With technology constantly evolving, many organizations are choosing to deploy multi-factor authentication solutions rather than two-factor authentication solutions because of the increased protection it provides their business. Multi-factor authentication requires users to authenticate themselves with something that they have (e.g. a mobile device), something that they know (e.g. a PIN) and something that they are (e.g. a fingerprint). This, however, raises the question: how much does this actually cost a business?
Of course, there are the upfront costs such as licenses, software and hardware as well as costs related to securing expert services (be they in the form of an outside servicing company/consultant or in the form of internally-devoted resources or both). This also includes training costs, temporary reduced productivity from staff while adjusting to the new system and temporary increased help desk costs. What many, however, forget about are other costs that are included in the total cost of ownership. The single largest of these other costs is maintenance renewal, which can be very expensive and is often overlooked during the initial proof-of-concept phase. Businesses also need to be wary that the two temporary upfront costs don’t become more permanent.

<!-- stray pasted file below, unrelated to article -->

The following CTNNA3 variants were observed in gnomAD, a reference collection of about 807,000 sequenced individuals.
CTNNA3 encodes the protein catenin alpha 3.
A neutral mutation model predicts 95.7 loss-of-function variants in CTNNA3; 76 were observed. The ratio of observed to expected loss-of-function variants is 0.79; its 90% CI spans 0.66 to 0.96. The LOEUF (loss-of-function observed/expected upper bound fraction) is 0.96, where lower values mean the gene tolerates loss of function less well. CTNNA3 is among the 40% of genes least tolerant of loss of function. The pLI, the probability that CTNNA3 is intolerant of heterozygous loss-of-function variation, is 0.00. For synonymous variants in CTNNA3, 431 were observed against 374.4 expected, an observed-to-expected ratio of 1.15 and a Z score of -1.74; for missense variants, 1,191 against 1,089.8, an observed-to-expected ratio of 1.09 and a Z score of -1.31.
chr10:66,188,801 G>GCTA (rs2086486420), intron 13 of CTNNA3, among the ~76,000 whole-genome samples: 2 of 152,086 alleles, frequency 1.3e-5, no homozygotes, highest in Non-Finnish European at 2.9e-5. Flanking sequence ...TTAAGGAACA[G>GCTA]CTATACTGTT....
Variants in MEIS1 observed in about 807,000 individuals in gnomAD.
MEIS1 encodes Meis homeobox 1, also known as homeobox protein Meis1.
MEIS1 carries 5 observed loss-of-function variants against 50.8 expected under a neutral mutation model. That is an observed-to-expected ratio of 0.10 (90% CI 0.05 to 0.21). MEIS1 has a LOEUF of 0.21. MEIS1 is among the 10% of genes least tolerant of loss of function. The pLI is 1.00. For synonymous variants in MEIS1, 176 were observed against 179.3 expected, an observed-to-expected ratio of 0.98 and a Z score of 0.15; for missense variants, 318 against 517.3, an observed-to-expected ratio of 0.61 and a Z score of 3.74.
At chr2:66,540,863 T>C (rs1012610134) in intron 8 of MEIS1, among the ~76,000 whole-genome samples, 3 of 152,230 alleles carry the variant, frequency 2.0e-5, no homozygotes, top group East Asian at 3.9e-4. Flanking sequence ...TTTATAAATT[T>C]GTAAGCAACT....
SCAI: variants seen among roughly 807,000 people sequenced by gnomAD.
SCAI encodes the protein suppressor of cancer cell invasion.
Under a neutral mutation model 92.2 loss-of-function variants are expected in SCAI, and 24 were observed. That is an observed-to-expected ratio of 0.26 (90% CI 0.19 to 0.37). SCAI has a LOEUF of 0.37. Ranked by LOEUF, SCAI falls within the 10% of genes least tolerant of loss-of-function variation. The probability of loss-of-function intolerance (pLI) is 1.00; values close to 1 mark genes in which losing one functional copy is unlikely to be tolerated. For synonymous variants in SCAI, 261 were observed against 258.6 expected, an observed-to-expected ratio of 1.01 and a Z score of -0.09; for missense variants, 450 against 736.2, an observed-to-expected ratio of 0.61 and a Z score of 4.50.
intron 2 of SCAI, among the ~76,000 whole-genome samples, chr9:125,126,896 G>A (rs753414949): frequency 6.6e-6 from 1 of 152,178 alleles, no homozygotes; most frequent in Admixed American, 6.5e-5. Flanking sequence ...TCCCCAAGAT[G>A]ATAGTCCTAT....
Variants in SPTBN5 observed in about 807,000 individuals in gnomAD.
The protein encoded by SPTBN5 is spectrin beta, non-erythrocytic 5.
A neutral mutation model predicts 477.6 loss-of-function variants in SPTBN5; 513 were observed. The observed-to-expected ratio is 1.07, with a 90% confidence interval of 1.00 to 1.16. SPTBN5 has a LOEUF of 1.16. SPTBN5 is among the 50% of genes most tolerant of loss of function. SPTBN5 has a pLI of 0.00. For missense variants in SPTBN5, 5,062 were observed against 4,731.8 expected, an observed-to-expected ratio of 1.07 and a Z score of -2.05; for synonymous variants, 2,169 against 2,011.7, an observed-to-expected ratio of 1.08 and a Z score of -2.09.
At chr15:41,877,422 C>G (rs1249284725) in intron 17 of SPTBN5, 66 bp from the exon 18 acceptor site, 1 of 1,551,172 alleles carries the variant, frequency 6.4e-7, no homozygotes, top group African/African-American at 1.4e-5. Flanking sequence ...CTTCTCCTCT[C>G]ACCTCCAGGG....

Overall, businesses, in their rush to update their security and adopt the latest new technology, need to be careful to weigh the benefits of the solution they are being proposed against the total costs of ownership and not just against the upfront costs of implementation.